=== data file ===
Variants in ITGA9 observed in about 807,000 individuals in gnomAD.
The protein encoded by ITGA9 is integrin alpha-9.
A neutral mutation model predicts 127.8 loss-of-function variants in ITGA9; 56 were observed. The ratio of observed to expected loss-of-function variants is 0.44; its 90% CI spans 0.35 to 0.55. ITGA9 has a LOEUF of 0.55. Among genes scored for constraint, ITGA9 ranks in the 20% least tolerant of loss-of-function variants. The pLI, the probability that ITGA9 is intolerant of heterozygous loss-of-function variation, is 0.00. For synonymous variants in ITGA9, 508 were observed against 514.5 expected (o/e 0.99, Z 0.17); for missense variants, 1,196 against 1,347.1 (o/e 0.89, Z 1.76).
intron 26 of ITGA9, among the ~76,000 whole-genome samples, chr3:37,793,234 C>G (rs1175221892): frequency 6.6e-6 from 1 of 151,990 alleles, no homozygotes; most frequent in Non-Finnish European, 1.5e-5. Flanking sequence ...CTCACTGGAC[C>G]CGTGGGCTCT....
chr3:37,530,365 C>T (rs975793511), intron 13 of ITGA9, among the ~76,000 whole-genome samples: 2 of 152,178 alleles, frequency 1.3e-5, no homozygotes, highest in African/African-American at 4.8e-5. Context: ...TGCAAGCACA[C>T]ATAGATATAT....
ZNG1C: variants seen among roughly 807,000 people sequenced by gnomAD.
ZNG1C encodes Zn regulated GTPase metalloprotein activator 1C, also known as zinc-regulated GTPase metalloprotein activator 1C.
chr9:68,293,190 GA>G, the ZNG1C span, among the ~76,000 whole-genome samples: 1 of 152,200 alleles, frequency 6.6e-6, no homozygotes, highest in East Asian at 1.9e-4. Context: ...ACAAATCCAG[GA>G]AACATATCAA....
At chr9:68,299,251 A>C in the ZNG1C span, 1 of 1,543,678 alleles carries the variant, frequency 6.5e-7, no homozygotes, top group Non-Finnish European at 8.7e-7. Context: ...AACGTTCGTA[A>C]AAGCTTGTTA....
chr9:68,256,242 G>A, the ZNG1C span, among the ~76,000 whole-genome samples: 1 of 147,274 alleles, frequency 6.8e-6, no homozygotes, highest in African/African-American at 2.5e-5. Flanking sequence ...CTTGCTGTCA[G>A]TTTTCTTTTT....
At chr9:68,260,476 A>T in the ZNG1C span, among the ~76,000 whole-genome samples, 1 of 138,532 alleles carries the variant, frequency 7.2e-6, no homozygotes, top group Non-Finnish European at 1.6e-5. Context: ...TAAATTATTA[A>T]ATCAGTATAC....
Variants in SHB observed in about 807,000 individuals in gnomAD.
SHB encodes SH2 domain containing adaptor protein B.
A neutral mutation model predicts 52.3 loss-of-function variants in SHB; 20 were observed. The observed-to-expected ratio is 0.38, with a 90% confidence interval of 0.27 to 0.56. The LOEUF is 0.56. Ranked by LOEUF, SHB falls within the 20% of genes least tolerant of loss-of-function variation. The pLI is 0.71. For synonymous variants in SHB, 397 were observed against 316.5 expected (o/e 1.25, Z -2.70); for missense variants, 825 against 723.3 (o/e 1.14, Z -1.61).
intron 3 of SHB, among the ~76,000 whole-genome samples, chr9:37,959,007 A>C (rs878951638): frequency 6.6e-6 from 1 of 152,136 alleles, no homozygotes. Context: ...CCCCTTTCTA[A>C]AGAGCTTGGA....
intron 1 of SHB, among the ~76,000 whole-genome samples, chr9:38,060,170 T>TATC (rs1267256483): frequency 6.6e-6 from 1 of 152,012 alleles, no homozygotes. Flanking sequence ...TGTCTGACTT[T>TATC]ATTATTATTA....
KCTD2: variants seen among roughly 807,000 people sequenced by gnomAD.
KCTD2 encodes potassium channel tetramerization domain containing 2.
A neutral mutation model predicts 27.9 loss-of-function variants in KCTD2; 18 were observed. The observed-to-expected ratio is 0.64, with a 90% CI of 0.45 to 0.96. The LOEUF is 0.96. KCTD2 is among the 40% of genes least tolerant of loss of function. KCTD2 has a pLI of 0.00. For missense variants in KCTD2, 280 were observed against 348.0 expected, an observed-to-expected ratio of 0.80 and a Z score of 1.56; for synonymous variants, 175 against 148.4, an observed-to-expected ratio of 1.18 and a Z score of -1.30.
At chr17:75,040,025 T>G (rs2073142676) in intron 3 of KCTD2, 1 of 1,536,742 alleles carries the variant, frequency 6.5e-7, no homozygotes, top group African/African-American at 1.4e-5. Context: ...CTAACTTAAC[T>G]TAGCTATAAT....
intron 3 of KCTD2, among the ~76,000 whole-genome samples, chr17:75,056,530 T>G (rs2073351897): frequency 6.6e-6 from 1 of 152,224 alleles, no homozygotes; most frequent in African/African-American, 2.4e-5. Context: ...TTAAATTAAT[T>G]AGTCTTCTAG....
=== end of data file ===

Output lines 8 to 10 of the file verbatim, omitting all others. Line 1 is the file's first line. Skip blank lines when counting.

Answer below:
chr9:68,293,190 GA>G, the ZNG1C span, among the ~76,000 whole-genome samples: 1 of 152,200 alleles, frequency 6.6e-6, no homozygotes, highest in East Asian at 1.9e-4. Context: ...ACAAATCCAG[GA>G]AACATATCAA....
At chr9:68,299,251 A>C in the ZNG1C span, 1 of 1,543,678 alleles carries the variant, frequency 6.5e-7, no homozygotes, top group Non-Finnish European at 8.7e-7. Context: ...AACGTTCGTA[A>C]AAGCTTGTTA....
chr9:68,256,242 G>A, the ZNG1C span, among the ~76,000 whole-genome samples: 1 of 147,274 alleles, frequency 6.8e-6, no homozygotes, highest in African/African-American at 2.5e-5. Flanking sequence ...CTTGCTGTCA[G>A]TTTTCTTTTT....